To a patient, pain is pain. But to clinicians, it is important to understand the underlying pain mechanisms in order to find the appropriate modalities for pain control.1
Pain can be divided into two broad categories: physiological (nociception, inflammation) and pathological (neuropathic).
Nociceptive pain occurs when there is an injury at the periphery (for example, hitting your thumb with a hammer). The local nociceptors send a signal back through the nervous system to the dorsal horn, which modulates and sends the signal upward via the spinal cord to the brain. The brain receives this message and “interprets” it, sending back a signal for pain. Nociceptive pain is an adaptive function in that it allows the body to recognize injuries and forces the cessation of actions that can further harm the body. Inflammatory pain and somatic pain are types of nociceptive pain. Nociceptive pain can persist and compels protection of the injured area until the tissue can heal.2
Nociceptive pain includes pain that originates from trauma, from joints and tissue (somatic pain), from internal organs (visceral), or from the inflammatory process. While these are all types of nociceptive pain, they may be perceived quite differently by the patient. Visceral pain, for example, is often dull, diffuse but can be quite severe, while somatic pain may be sharper and more localized.
Neuropathic pain, on the other hand, occurs when aberrant signaling from the nervous system travels to the brain and is interpreted as pain. Neuropathic pain syndromes can also amplify small events so that they are perceived by the brain as much more painful than would otherwise be the case.
Patients may have nociceptive or neuropathic pain but it is not uncommon to have nociceptive pain with a neuropathic component.3 This type of pain is called multimechanistic or multifactorial because there are two entirely separate mechanisms producing what the patient reports as pain. This has important clinical implications because treating just one part of the pain—for instance, the nociception—will not reduce the neuropathic component and vice versa.
In general, nociceptive pain is associated with a specific cause (for example, twisted ankle, broken arm), with the reported pain proportional to what a clinician would expect. If asked to describe nociceptive pain, patients might use words such as throbbing, deep, stabbing, or dull. Neuropathic pain, on the other hand, is more likely to be described as shooting, “electrical,” shocking and may be associated with numbness or a sensation of “pins and needles.” Neuropathic pain can also have a sudden onset and overtake a patient without warning. It is important to realize here that there can be considerable overlap in descriptions and not all patients will describe neuropathic or nociceptive pain in the same way—these are to be taken as helpful generalizations.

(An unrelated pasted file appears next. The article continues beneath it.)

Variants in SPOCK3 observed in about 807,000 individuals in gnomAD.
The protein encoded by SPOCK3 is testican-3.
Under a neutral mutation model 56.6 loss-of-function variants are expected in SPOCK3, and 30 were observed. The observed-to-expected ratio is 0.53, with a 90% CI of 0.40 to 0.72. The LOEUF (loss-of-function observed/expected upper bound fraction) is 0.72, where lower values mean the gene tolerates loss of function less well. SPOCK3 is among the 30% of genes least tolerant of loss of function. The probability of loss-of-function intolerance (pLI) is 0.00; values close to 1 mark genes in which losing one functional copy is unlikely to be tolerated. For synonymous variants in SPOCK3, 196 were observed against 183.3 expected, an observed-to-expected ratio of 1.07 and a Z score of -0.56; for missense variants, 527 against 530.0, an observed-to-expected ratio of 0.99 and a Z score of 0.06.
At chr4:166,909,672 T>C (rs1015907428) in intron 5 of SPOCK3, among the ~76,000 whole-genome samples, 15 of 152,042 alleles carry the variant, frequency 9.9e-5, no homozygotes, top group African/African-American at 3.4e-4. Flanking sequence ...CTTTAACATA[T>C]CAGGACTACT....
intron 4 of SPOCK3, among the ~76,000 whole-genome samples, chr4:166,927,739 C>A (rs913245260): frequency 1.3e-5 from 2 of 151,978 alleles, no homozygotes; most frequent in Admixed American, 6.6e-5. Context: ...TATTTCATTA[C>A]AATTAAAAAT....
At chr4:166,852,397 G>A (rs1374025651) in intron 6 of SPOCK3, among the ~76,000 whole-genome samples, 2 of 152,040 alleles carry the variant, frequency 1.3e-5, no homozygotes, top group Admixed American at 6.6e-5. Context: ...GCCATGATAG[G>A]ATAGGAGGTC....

Many pain scales ask patients to rate the pain in terms of intensity or how bad it feels.4 While pain intensity is an important metric and one that patients readily understand, it does not necessarily help differentiate different pain mechanisms. It is important to ask patients about the quality and characteristics of pain to better understand if the pain is nociceptive, neuropathic, or a combination.
In addition to these types of pain, clinicians should also consider whether pain is acute or chronic.
Some clinicians also add a third category of “subacute” pain between these two. While it is often handy to describe acute pain as pain of short duration and chronic pain as pain that lasts three to six months or more, this rule of thumb obscures an important differentiation between acute and chronic pain. Chronic pain involves the process of central sensitization or aberrant neurosignaling that can lower the pain threshold.5 Acute pain may transition into chronic pain in a process known as “windup” or central sensitization. In this process, aberrant nervous system signaling causes the patient to feel more pain than is appropriate to the situation. Chronic pain is maladaptive and may become dissociated from its original cause.